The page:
About half of Americans believe they do not have enough money on hand to “make a major purchase, such as a car, appliance or furniture, or pay for a significant home repair” if they needed to, according to new research.

Gallup discloses this finding in a Gallup Daily tracking survey conducted throughout 2015. Based on responses from more than 44,500 Americans, the survey randomly polled adults, ages 18 and older, living in all 50 U.S. states and the District of Columbia.

The report shows that high-income Americans are more likely than their lower-income counterparts to say they could handle such a financial situation, as would be expected. But 16 percent of those whose annual household income is $240,000 a year or more say they, too, wouldn’t be able to make a major purchase or handle a major repair.

In 2015, 51 percent of Americans said they would have enough money for a major purchase or repair, while 48 percent said they would not. These perceptions have not changed significantly in recent years. In 2011, the first full year in which Gallup asked the question, 50 percent said they would be able to handle a financial emergency.

Less than half of those with a household income below $48,000 a year say they would have enough money for an emergency. That percentage rises to three-quarters among those with an income of $90,000 to less than $120,000 a year, well above the national median income. The percentage tops out at 84 percent among those in the highest income category included in the analysis — those earning $240,000 or more.

7 in 10 have enough

The fact that half of Americans say they would not be able to make a major purchase does not mean that half don’t have enough money to make ends meet on a day-to-day basis. Responses to a separate question, asked of a different subgroup of respondents, show that 70 percent of Americans say they have enough money “to buy the things they need.”

Only those in the two lowest income groups — those whose household income is less than $24,000 a year — are below the 50 percent mark in saying they have enough money to buy what they need. The percentage rises to above 50 percent among those making $24,000 or more a year, and generally continues to climb across each increasing income group.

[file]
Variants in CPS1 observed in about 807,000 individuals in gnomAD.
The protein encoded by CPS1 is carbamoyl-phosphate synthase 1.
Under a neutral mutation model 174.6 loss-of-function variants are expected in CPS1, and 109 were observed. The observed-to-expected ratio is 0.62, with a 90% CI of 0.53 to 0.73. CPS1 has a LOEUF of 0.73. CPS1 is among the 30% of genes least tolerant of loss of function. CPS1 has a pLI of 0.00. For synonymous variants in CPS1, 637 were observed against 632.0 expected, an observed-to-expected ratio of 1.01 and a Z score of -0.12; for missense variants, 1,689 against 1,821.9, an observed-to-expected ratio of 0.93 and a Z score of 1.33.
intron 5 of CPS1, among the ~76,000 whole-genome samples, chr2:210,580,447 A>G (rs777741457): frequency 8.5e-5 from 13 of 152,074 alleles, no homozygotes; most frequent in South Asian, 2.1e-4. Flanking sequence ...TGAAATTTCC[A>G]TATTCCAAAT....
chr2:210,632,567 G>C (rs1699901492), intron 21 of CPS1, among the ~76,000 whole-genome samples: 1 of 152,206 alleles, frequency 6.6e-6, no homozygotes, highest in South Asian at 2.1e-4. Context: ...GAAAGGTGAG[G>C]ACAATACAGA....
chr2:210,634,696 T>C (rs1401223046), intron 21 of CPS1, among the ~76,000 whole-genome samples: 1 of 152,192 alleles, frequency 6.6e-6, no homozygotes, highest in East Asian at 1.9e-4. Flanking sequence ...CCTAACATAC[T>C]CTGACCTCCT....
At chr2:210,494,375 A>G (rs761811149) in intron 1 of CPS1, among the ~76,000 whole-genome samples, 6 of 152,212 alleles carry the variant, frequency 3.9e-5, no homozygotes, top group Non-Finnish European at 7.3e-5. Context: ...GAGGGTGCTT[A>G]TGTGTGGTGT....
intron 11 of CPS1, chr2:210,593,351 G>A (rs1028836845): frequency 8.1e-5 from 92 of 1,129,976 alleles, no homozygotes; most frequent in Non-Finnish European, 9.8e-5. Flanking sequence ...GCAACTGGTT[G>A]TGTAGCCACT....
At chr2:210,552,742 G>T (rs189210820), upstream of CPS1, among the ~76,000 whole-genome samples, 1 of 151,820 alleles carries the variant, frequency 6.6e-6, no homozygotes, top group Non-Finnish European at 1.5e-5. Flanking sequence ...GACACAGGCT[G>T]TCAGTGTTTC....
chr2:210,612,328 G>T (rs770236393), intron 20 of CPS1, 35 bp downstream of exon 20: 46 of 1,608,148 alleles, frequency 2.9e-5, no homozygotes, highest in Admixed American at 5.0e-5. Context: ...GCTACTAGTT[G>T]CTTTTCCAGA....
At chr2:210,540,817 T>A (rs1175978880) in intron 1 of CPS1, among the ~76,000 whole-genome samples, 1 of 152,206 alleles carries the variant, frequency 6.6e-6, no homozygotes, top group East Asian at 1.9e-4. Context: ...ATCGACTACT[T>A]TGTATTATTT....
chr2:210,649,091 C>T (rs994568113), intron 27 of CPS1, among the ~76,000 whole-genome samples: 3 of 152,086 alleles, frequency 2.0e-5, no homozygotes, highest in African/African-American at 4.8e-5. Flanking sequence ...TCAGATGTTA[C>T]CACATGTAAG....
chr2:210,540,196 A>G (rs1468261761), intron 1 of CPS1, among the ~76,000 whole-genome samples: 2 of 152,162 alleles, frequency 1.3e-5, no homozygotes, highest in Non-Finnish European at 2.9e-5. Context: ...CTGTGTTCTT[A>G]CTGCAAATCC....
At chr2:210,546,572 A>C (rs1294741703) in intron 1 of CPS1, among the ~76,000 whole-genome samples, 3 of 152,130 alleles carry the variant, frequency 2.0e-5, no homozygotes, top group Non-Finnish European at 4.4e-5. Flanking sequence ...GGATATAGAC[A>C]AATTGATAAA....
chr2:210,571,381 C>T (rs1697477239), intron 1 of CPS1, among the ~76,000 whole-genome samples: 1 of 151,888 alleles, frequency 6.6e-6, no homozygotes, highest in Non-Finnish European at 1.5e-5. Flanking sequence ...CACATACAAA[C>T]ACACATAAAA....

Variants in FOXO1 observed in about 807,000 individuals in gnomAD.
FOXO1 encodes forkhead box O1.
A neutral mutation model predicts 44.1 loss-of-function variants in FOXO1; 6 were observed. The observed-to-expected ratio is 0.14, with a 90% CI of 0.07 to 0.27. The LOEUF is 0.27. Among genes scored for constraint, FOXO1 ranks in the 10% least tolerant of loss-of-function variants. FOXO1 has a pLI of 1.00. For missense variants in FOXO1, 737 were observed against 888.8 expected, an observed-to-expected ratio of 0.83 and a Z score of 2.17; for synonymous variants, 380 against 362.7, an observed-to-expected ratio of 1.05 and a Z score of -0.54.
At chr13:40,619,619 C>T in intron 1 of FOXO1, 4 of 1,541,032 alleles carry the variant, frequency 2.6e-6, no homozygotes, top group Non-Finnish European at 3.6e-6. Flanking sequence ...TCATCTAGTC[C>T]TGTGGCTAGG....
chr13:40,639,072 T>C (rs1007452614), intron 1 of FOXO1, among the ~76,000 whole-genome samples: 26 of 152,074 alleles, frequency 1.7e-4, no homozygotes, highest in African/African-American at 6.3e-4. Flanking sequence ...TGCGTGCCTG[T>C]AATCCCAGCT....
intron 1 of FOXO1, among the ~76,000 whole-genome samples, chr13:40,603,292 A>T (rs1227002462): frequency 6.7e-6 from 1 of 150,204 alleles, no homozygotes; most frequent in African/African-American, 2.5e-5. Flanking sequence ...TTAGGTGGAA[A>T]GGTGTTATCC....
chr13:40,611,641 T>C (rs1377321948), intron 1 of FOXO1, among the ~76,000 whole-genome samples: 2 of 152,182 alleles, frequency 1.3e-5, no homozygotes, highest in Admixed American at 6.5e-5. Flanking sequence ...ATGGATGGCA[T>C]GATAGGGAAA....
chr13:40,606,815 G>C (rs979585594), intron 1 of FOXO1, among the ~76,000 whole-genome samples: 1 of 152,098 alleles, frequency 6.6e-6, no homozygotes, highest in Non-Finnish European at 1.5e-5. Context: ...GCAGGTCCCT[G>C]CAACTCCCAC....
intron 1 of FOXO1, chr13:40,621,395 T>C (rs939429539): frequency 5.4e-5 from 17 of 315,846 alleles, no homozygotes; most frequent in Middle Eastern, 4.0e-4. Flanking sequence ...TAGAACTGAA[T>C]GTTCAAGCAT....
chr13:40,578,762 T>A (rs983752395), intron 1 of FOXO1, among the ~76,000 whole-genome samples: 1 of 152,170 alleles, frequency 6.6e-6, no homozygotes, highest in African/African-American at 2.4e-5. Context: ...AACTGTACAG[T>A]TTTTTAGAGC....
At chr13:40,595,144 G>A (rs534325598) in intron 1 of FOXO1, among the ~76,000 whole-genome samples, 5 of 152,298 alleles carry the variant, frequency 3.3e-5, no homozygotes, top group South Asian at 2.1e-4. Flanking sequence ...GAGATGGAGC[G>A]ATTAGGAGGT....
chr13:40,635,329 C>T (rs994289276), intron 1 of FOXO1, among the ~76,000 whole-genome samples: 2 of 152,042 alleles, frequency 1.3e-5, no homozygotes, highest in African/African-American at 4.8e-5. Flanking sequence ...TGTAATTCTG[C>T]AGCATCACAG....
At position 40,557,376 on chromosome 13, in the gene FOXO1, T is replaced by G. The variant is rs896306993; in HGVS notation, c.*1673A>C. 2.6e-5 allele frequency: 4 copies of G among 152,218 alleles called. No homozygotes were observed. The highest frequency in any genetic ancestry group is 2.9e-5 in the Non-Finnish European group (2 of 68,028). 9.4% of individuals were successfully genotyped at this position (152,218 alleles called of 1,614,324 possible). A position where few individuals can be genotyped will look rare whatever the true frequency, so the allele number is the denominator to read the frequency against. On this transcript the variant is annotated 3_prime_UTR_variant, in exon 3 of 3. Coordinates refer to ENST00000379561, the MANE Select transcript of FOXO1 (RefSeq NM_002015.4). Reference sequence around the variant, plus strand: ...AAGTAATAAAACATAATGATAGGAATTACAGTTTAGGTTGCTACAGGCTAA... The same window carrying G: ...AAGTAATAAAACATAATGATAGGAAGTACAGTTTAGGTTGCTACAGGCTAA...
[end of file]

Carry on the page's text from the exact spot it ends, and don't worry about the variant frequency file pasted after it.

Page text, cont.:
Still, one in 10 Americans making $120,000 or more say they don’t have enough money to buy what they need on a daily basis. 

Cutting back on spending

Although 70 percent of Americans have enough money to buy what they need on a daily basis, three in five Americans report they are cutting back on how much money they spend each week, including over a third of those in the highest income categories. This finding suggests that:

  • people may tend to think they are spending too much even if they can afford it;

  • they want to save more of their discretionary income or;

  • cutting back on consumption is a normatively desirable behavior. 

Bottom line

Americans’ responses to these money and spending questions underscore the complex way in which Americans — even those with high incomes — view their personal financial situations. On one hand, the significant majority of Americans say they have enough money to do what they need to do on a daily basis, even while almost as many say they are attempting to cut back on their spending. And regardless of Americans’ ability to make ends meet, half say that they would struggle with the need to make a major purchase or finance a major repair.

Americans’ incomes are clearly related to the way they view their finances. A majority of those making $24,000 or more appear to be able to make it financially on a day-to-day basis in the U.S. today, though they are far from the $48,000-a-year income threshold for being able to cope with a sudden financial need.

But those with very high incomes are not immune from financial worries. Over a third of those making $240,000 or more say they are cutting back on their spending, with a sixth of this group saying they wouldn’t be able to make a major purchase or pay for a major repair.

Previous Gallup-Healthways well-being research shows that a significant percentage of high-income Americans are struggling or suffering in financial well-being, supporting the idea that high income alone does not necessarily shield one from money concerns.

 

See also:

Survey: Holiday spending stressing Americans’ finances

Gallup: Fewer Americans identify as middle class in recent years

Gallup: Government plan enrollees are more satisfied